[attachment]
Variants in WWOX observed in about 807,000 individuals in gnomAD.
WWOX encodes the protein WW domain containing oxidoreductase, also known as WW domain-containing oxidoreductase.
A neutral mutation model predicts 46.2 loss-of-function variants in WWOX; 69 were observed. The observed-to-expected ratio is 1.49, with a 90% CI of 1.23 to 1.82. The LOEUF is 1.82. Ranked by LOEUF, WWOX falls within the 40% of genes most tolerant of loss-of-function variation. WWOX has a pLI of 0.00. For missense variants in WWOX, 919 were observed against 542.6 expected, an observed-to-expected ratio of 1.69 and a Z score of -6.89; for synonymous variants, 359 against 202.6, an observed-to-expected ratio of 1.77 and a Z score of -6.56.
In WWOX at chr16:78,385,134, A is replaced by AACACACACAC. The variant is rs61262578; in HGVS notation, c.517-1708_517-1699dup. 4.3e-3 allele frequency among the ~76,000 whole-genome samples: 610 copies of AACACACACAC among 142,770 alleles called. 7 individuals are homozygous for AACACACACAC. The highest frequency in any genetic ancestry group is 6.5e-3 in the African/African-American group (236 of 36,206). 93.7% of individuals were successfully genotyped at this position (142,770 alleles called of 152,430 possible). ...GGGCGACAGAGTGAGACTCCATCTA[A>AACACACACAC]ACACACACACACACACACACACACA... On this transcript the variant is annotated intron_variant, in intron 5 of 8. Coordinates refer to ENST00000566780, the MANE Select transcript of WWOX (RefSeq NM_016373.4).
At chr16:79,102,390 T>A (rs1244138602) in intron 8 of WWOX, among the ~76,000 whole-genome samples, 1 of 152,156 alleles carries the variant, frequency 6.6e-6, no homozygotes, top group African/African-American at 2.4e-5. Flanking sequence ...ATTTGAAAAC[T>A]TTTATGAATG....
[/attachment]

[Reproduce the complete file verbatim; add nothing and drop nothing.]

Variants in WWOX observed in about 807,000 individuals in gnomAD.
WWOX encodes the protein WW domain containing oxidoreductase, also known as WW domain-containing oxidoreductase.
A neutral mutation model predicts 46.2 loss-of-function variants in WWOX; 69 were observed. The observed-to-expected ratio is 1.49, with a 90% CI of 1.23 to 1.82. The LOEUF is 1.82. Ranked by LOEUF, WWOX falls within the 40% of genes most tolerant of loss-of-function variation. WWOX has a pLI of 0.00. For missense variants in WWOX, 919 were observed against 542.6 expected, an observed-to-expected ratio of 1.69 and a Z score of -6.89; for synonymous variants, 359 against 202.6, an observed-to-expected ratio of 1.77 and a Z score of -6.56.
In WWOX at chr16:78,385,134, A is replaced by AACACACACAC. The variant is rs61262578; in HGVS notation, c.517-1708_517-1699dup. 4.3e-3 allele frequency among the ~76,000 whole-genome samples: 610 copies of AACACACACAC among 142,770 alleles called. 7 individuals are homozygous for AACACACACAC. The highest frequency in any genetic ancestry group is 6.5e-3 in the African/African-American group (236 of 36,206). 93.7% of individuals were successfully genotyped at this position (142,770 alleles called of 152,430 possible). ...GGGCGACAGAGTGAGACTCCATCTA[A>AACACACACAC]ACACACACACACACACACACACACA... On this transcript the variant is annotated intron_variant, in intron 5 of 8. Coordinates refer to ENST00000566780, the MANE Select transcript of WWOX (RefSeq NM_016373.4).
At chr16:79,102,390 T>A (rs1244138602) in intron 8 of WWOX, among the ~76,000 whole-genome samples, 1 of 152,156 alleles carries the variant, frequency 6.6e-6, no homozygotes, top group African/African-American at 2.4e-5. Flanking sequence ...ATTTGAAAAC[T>A]TTTATGAATG....